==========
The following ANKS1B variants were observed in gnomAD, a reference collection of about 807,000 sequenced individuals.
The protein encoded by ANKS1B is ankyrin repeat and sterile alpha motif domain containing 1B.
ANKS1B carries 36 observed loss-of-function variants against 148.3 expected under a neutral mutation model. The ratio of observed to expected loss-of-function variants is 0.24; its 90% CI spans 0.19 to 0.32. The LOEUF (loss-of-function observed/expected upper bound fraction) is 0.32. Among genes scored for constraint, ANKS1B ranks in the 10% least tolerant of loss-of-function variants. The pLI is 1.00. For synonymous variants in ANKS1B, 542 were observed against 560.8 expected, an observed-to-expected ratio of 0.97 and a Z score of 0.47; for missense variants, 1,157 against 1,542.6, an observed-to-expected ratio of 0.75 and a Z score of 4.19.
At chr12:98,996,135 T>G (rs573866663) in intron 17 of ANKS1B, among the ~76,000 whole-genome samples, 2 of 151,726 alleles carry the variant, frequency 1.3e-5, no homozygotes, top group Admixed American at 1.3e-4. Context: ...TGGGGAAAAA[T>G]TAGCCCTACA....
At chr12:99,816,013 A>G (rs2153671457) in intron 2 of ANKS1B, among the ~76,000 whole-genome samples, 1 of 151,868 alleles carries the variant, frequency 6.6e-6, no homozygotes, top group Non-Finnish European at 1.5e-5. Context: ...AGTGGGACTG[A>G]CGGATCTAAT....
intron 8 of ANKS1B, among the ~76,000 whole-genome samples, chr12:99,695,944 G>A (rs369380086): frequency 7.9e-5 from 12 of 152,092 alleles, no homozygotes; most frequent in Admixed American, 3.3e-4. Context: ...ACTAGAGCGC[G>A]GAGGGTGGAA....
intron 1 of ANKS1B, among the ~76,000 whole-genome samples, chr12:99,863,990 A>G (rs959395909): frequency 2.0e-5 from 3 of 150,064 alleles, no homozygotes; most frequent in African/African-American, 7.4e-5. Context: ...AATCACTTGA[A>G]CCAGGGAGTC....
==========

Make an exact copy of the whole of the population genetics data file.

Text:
The following ANKS1B variants were observed in gnomAD, a reference collection of about 807,000 sequenced individuals.
The protein encoded by ANKS1B is ankyrin repeat and sterile alpha motif domain containing 1B.
ANKS1B carries 36 observed loss-of-function variants against 148.3 expected under a neutral mutation model. The ratio of observed to expected loss-of-function variants is 0.24; its 90% CI spans 0.19 to 0.32. The LOEUF (loss-of-function observed/expected upper bound fraction) is 0.32. Among genes scored for constraint, ANKS1B ranks in the 10% least tolerant of loss-of-function variants. The pLI is 1.00. For synonymous variants in ANKS1B, 542 were observed against 560.8 expected, an observed-to-expected ratio of 0.97 and a Z score of 0.47; for missense variants, 1,157 against 1,542.6, an observed-to-expected ratio of 0.75 and a Z score of 4.19.
At chr12:98,996,135 T>G (rs573866663) in intron 17 of ANKS1B, among the ~76,000 whole-genome samples, 2 of 151,726 alleles carry the variant, frequency 1.3e-5, no homozygotes, top group Admixed American at 1.3e-4. Context: ...TGGGGAAAAA[T>G]TAGCCCTACA....
At chr12:99,816,013 A>G (rs2153671457) in intron 2 of ANKS1B, among the ~76,000 whole-genome samples, 1 of 151,868 alleles carries the variant, frequency 6.6e-6, no homozygotes, top group Non-Finnish European at 1.5e-5. Context: ...AGTGGGACTG[A>G]CGGATCTAAT....
intron 8 of ANKS1B, among the ~76,000 whole-genome samples, chr12:99,695,944 G>A (rs369380086): frequency 7.9e-5 from 12 of 152,092 alleles, no homozygotes; most frequent in Admixed American, 3.3e-4. Context: ...ACTAGAGCGC[G>A]GAGGGTGGAA....
intron 1 of ANKS1B, among the ~76,000 whole-genome samples, chr12:99,863,990 A>G (rs959395909): frequency 2.0e-5 from 3 of 150,064 alleles, no homozygotes; most frequent in African/African-American, 7.4e-5. Context: ...AATCACTTGA[A>G]CCAGGGAGTC....